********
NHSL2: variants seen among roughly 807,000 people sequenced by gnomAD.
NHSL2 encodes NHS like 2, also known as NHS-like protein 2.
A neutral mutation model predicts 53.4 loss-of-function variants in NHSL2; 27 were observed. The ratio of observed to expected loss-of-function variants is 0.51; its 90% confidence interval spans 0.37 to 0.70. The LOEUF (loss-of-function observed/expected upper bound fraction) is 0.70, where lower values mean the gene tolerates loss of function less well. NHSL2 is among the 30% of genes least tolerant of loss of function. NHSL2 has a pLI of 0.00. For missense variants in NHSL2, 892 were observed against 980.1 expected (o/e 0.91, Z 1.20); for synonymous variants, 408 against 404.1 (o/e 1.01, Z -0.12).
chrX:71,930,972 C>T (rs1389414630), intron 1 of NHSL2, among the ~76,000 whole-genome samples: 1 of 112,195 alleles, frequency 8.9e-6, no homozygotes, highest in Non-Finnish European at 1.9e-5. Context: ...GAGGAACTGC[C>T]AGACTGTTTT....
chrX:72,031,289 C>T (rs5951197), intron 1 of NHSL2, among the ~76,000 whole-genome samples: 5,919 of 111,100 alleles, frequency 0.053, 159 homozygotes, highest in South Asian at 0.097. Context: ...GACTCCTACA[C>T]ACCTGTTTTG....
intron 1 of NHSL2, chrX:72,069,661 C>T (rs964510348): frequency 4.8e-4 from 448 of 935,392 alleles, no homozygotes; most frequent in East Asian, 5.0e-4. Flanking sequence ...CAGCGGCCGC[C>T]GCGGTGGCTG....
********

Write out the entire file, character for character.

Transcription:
NHSL2: variants seen among roughly 807,000 people sequenced by gnomAD.
NHSL2 encodes NHS like 2, also known as NHS-like protein 2.
A neutral mutation model predicts 53.4 loss-of-function variants in NHSL2; 27 were observed. The ratio of observed to expected loss-of-function variants is 0.51; its 90% confidence interval spans 0.37 to 0.70. The LOEUF (loss-of-function observed/expected upper bound fraction) is 0.70, where lower values mean the gene tolerates loss of function less well. NHSL2 is among the 30% of genes least tolerant of loss of function. NHSL2 has a pLI of 0.00. For missense variants in NHSL2, 892 were observed against 980.1 expected (o/e 0.91, Z 1.20); for synonymous variants, 408 against 404.1 (o/e 1.01, Z -0.12).
chrX:71,930,972 C>T (rs1389414630), intron 1 of NHSL2, among the ~76,000 whole-genome samples: 1 of 112,195 alleles, frequency 8.9e-6, no homozygotes, highest in Non-Finnish European at 1.9e-5. Context: ...GAGGAACTGC[C>T]AGACTGTTTT....
chrX:72,031,289 C>T (rs5951197), intron 1 of NHSL2, among the ~76,000 whole-genome samples: 5,919 of 111,100 alleles, frequency 0.053, 159 homozygotes, highest in South Asian at 0.097. Context: ...GACTCCTACA[C>T]ACCTGTTTTG....
intron 1 of NHSL2, chrX:72,069,661 C>T (rs964510348): frequency 4.8e-4 from 448 of 935,392 alleles, no homozygotes; most frequent in East Asian, 5.0e-4. Flanking sequence ...CAGCGGCCGC[C>T]GCGGTGGCTG....